Being a Republican, these days comes with its share of embarrassing challenges. You’re stuck with an anti-intellectual president with no ideas more recent than 1960, a toxic candidate for Senator in the Alabama special election and a disastrous legislative agenda. It’s serious cognitive dissonance time, folks.
On the one hand, we now have the competent adults (read that Republicans) in charge, (both houses and the white house), thereby removing any alibies of liberal interference with their (at last) responsible governance. On the other hand, the long-promised legislative agenda promised seems not to be forth-coming. Why is that?
As a middle-of-the-road Independent, I have some thoughts on that, but in the end, what really matters is the facts and nothing illustrates those facts like the Tax Cuts & Job Act. Here’s what your elected representatives are up to...
Tax Cuts and Jobs Act
Charitably, it’s a bipolar hot mess, of political expediency driven by donor demands and nervous legislators looking ahead to 2018. as the non-partisan Tax Policy Center notes in their latest analysis. Without going into all the arcane rules of Senate budget procedures, the Senate version does some things constituents are certain to dislike when/if they figure it out.
There are indeed individual tax cuts for middle income families in the Senate version of the TCJA. They’re not as generous proportionally as those tendered to business, but if you believe in trickle- down economics, that shouldn’t bother you…should it? Read on.
The Byrd Rule
If you’re anything like me, you’re really not so fixated on the machinations in Washington that you can recall from memory what the hell this rule is. Fortunately for us, the TPC can. As they note in the reference cited above, the Byrd Rule bars passage of any bill with a simple majority if it adds to the deficit within ten years. The original plan drafted by Orrin Hatch ® Utah would have triggered the Byrd Rule, requiring 60 votes for passage.
In order to navigate around that problem, Senate Republicans had to engage in a bit of financial creativity, the high points of which follow.
- The individual tax cuts will sunset in 2025, resulting by 2027 in a net tax increase for individual taxpayers.
- Corporate tax cuts, on the other hand, will be permanent. (Gotta keep those donors happy, after all).
- The latest plan would also eliminate the tax penalty for individuals without health insurance. Good deal? Not really. The probable outcome is that plan prices will rise sharply and immediately, potentially leaving as many as 13 million more Americans without insurance. Over the long pull, the upward pressure on health costs would continue to increase, with a significant reduction in net disposable income. (Oh…and haven’t we already had the whole health insurance discussion?)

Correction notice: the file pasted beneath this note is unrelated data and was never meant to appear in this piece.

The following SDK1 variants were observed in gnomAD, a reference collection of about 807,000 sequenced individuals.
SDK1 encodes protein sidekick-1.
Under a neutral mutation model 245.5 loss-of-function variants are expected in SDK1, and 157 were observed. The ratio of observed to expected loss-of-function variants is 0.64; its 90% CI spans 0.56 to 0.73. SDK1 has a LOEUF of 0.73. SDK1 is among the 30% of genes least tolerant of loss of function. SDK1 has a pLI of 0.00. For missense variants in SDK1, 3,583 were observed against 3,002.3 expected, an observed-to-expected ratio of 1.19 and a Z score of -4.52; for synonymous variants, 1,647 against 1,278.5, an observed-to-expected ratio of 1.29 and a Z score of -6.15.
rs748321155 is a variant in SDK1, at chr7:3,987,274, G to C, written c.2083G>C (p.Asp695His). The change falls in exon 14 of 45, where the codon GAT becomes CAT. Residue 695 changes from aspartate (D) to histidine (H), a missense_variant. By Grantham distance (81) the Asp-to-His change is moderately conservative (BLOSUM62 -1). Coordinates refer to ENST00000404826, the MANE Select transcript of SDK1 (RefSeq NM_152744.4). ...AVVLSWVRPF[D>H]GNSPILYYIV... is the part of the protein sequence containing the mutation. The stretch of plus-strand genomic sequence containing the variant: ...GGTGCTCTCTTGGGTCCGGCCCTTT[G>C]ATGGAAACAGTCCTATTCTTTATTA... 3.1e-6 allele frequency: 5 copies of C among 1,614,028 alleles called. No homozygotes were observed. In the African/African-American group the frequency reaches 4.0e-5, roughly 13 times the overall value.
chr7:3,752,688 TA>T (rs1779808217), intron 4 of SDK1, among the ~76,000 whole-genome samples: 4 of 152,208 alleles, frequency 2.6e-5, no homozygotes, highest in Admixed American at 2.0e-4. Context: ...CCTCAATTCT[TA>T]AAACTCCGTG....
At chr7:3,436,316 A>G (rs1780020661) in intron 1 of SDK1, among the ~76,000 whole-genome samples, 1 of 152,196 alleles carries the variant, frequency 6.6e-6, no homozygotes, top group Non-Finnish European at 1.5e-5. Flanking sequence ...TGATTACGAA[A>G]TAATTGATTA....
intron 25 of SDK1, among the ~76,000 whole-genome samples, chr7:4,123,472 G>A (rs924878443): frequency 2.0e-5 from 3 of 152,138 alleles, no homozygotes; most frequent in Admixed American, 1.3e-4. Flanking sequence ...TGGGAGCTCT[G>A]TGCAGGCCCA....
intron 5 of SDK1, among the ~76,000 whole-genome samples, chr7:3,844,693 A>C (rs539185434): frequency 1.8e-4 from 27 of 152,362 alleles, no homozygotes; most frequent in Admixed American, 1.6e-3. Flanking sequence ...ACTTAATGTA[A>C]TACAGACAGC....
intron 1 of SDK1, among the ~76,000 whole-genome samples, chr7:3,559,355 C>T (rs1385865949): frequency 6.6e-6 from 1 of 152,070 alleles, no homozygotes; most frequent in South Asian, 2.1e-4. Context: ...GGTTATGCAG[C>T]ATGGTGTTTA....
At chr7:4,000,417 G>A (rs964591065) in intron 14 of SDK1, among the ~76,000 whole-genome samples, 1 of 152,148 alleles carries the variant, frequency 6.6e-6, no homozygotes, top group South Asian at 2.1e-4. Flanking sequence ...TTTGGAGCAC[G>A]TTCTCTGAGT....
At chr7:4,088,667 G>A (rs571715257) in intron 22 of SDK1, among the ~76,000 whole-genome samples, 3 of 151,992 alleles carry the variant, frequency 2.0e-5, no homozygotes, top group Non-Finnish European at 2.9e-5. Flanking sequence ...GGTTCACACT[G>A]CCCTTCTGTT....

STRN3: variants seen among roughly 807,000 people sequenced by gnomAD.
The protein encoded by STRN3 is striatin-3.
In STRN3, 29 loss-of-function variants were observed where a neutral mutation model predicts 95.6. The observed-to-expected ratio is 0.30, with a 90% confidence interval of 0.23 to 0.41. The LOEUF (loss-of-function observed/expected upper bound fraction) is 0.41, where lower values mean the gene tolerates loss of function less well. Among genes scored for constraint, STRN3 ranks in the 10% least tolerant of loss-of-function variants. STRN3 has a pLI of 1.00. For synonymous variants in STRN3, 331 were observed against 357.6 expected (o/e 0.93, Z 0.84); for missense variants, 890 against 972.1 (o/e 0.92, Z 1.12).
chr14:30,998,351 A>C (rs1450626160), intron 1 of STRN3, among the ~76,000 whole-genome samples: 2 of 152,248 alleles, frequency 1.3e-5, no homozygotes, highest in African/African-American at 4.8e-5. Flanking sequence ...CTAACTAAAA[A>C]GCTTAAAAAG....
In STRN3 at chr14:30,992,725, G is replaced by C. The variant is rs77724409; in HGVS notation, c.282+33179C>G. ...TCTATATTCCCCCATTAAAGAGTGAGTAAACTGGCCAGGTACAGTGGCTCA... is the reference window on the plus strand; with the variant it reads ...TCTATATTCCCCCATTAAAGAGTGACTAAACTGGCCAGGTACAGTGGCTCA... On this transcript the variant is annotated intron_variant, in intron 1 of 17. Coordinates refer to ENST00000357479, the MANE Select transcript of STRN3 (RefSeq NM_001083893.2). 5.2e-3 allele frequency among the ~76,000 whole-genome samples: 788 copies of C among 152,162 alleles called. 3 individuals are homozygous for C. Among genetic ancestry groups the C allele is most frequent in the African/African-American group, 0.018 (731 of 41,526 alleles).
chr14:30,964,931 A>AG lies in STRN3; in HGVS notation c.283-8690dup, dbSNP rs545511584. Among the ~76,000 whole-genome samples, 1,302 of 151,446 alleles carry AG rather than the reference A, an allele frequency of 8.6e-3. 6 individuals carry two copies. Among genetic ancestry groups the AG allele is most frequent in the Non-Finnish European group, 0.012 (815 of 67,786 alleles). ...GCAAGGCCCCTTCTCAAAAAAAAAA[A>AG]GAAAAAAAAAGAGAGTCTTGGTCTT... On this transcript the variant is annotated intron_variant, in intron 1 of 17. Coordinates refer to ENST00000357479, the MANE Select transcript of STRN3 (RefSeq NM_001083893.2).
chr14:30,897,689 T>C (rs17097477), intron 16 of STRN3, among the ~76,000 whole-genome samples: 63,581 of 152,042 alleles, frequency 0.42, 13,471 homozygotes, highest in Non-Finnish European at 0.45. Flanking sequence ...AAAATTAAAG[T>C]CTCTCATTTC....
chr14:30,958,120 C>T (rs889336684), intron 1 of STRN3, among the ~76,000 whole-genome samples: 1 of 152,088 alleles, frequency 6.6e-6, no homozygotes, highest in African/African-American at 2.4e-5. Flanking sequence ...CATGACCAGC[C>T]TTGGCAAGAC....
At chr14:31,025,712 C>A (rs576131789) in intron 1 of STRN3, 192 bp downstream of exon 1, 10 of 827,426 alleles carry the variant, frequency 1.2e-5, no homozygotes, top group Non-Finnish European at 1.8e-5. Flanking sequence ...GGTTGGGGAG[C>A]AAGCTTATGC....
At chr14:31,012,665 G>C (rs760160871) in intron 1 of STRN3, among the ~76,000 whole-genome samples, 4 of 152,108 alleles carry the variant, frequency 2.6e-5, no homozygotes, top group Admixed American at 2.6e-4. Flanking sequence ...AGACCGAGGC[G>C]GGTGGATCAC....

As Howard Gleckman Senior Fellow Urban & Brookings Institute concludes:
“This is indefensible tax policy. It would become the apotheosis of tax extenders, effectively turning the entire individual income tax code into the one giant temporary tax cut. Such a short-term tax reduction might make sense if the nation were mired in recession. But it is impossible to defend at a time of near full-employment, with the Federal Reserve already raising interest rates as the economy strengthens.
The politics of Hatch’s Byrd gambit is premised on two big ideas: First, voters will be so enthralled by their initial tax cuts that they’ll ignore the bill’s future tax increases. Second, nobody—not even Democrats--would be willing to allow the bill’s tax cuts to expire. Democrats, of course, believed no-one would kill the Affordable Care Act.
And budget scoring aside, if the bill is extended after 2025 it would add hundreds of billions of dollars a year to the deficit.
Once touted by its sponsors as the greatest tax reform in a generation, the Tax Cuts and Jobs Act is rapidly descending into the mire of political expediency.”
Our nation has long functioned on partisan ideas competing for constituent support, based on an exploration of the best available facts. In recent years, both principle parties have played fast and loose with the truth, with a single, profound distinction. Republicans have repurposed “spin” to outright deception with intent.
Dirk is the author of West of Tomorrow, a contemporary story of corporate intrigue, betrayal, misplaced love and the phoenix that lives in all of his. He is currently working on Best Case Scenario, the first volume in a coming of age story series, and Through the Windshield, a collection of short stories. Both will be out in 2017. Dirk is also working on the pilot volume in The Knolan Cycle, the pilot volume in a science fiction series of first contact. Tier Zero, the first volume will be out in 2018.
Thoughtful readers of Dirk’s work will immediately sense several threads running through all of his writings.
- The protagonists & to some degree all characters in his stories are in the process of searching for the next higher expression of their best selves. They seek the spiritual phoenix that lives in all of us.
- Implicit in this is the dissatisfaction with things as they are, leading them to embrace change, growth & the attendant pain accompanying both.
- As part of this growth, the characters ultimately recognize the role of others in their higher, better selves, both in bringing it out of them in the first place & the fulfillment that comes from being of service to them.
Stewardship, citizen, leadership & good followership & it’s role in well-ordered lives and societies.